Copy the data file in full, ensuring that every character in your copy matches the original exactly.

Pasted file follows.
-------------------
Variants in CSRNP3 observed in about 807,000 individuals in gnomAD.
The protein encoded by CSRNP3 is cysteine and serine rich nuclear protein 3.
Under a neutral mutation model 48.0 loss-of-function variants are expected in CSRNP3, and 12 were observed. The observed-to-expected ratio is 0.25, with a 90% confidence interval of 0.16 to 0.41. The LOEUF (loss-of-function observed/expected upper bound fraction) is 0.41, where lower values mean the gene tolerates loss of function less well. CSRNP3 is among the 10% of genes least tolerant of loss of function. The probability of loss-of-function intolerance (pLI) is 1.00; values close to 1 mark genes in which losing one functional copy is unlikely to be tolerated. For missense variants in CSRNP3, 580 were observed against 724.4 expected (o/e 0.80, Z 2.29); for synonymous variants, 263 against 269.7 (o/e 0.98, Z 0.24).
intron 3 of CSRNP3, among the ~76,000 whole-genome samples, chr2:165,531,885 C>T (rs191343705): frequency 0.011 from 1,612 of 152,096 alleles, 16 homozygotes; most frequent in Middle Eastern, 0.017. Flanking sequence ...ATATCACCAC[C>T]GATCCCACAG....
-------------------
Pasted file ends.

Variants in CSRNP3 observed in about 807,000 individuals in gnomAD.
The protein encoded by CSRNP3 is cysteine and serine rich nuclear protein 3.
Under a neutral mutation model 48.0 loss-of-function variants are expected in CSRNP3, and 12 were observed. The observed-to-expected ratio is 0.25, with a 90% confidence interval of 0.16 to 0.41. The LOEUF (loss-of-function observed/expected upper bound fraction) is 0.41, where lower values mean the gene tolerates loss of function less well. CSRNP3 is among the 10% of genes least tolerant of loss of function. The probability of loss-of-function intolerance (pLI) is 1.00; values close to 1 mark genes in which losing one functional copy is unlikely to be tolerated. For missense variants in CSRNP3, 580 were observed against 724.4 expected (o/e 0.80, Z 2.29); for synonymous variants, 263 against 269.7 (o/e 0.98, Z 0.24).
intron 3 of CSRNP3, among the ~76,000 whole-genome samples, chr2:165,531,885 C>T (rs191343705): frequency 0.011 from 1,612 of 152,096 alleles, 16 homozygotes; most frequent in Middle Eastern, 0.017. Flanking sequence ...ATATCACCAC[C>T]GATCCCACAG....